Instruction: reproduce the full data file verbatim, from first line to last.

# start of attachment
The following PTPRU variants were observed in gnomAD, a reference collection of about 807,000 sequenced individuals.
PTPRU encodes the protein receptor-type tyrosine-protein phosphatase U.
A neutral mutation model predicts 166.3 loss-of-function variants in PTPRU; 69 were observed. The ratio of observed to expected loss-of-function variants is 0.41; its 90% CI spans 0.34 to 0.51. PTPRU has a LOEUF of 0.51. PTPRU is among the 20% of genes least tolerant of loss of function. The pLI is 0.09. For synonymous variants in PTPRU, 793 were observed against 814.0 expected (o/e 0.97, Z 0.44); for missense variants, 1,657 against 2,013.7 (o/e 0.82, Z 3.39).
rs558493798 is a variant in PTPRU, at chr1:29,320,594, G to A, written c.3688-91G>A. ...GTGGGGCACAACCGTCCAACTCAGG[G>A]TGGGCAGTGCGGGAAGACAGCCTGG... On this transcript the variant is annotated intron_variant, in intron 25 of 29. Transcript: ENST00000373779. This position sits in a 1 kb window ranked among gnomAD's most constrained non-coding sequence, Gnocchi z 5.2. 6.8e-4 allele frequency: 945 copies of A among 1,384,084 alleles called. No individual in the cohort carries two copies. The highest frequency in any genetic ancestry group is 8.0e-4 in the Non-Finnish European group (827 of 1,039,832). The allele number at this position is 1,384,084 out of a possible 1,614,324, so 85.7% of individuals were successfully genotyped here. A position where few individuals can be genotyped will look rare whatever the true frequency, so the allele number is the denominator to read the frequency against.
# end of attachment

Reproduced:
The following PTPRU variants were observed in gnomAD, a reference collection of about 807,000 sequenced individuals.
PTPRU encodes the protein receptor-type tyrosine-protein phosphatase U.
A neutral mutation model predicts 166.3 loss-of-function variants in PTPRU; 69 were observed. The ratio of observed to expected loss-of-function variants is 0.41; its 90% CI spans 0.34 to 0.51. PTPRU has a LOEUF of 0.51. PTPRU is among the 20% of genes least tolerant of loss of function. The pLI is 0.09. For synonymous variants in PTPRU, 793 were observed against 814.0 expected (o/e 0.97, Z 0.44); for missense variants, 1,657 against 2,013.7 (o/e 0.82, Z 3.39).
rs558493798 is a variant in PTPRU, at chr1:29,320,594, G to A, written c.3688-91G>A. ...GTGGGGCACAACCGTCCAACTCAGG[G>A]TGGGCAGTGCGGGAAGACAGCCTGG... On this transcript the variant is annotated intron_variant, in intron 25 of 29. Transcript: ENST00000373779. This position sits in a 1 kb window ranked among gnomAD's most constrained non-coding sequence, Gnocchi z 5.2. 6.8e-4 allele frequency: 945 copies of A among 1,384,084 alleles called. No individual in the cohort carries two copies. The highest frequency in any genetic ancestry group is 8.0e-4 in the Non-Finnish European group (827 of 1,039,832). The allele number at this position is 1,384,084 out of a possible 1,614,324, so 85.7% of individuals were successfully genotyped here. A position where few individuals can be genotyped will look rare whatever the true frequency, so the allele number is the denominator to read the frequency against.